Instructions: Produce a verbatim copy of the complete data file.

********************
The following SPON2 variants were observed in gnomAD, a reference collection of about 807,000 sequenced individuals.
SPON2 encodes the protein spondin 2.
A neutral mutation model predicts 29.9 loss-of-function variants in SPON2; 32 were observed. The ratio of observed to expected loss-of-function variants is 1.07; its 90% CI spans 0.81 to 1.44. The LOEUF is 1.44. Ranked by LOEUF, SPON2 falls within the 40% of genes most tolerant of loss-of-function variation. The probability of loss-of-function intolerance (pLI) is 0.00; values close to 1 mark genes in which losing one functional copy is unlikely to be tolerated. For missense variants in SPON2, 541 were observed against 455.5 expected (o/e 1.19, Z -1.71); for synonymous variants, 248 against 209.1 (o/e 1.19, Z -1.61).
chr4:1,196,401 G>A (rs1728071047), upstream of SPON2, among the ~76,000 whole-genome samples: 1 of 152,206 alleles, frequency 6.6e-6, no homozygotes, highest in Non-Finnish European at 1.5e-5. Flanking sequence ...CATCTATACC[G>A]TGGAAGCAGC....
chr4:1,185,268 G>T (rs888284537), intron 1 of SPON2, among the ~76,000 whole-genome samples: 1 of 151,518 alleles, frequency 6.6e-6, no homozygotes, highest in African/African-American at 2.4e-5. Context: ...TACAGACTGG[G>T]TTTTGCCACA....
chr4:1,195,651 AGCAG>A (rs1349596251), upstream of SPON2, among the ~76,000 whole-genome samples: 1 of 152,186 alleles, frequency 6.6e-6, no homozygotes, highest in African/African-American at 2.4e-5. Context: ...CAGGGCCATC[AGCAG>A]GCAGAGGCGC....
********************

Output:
The following SPON2 variants were observed in gnomAD, a reference collection of about 807,000 sequenced individuals.
SPON2 encodes the protein spondin 2.
A neutral mutation model predicts 29.9 loss-of-function variants in SPON2; 32 were observed. The ratio of observed to expected loss-of-function variants is 1.07; its 90% CI spans 0.81 to 1.44. The LOEUF is 1.44. Ranked by LOEUF, SPON2 falls within the 40% of genes most tolerant of loss-of-function variation. The probability of loss-of-function intolerance (pLI) is 0.00; values close to 1 mark genes in which losing one functional copy is unlikely to be tolerated. For missense variants in SPON2, 541 were observed against 455.5 expected (o/e 1.19, Z -1.71); for synonymous variants, 248 against 209.1 (o/e 1.19, Z -1.61).
chr4:1,196,401 G>A (rs1728071047), upstream of SPON2, among the ~76,000 whole-genome samples: 1 of 152,206 alleles, frequency 6.6e-6, no homozygotes, highest in Non-Finnish European at 1.5e-5. Flanking sequence ...CATCTATACC[G>A]TGGAAGCAGC....
chr4:1,185,268 G>T (rs888284537), intron 1 of SPON2, among the ~76,000 whole-genome samples: 1 of 151,518 alleles, frequency 6.6e-6, no homozygotes, highest in African/African-American at 2.4e-5. Context: ...TACAGACTGG[G>T]TTTTGCCACA....
chr4:1,195,651 AGCAG>A (rs1349596251), upstream of SPON2, among the ~76,000 whole-genome samples: 1 of 152,186 alleles, frequency 6.6e-6, no homozygotes, highest in African/African-American at 2.4e-5. Context: ...CAGGGCCATC[AGCAG>A]GCAGAGGCGC....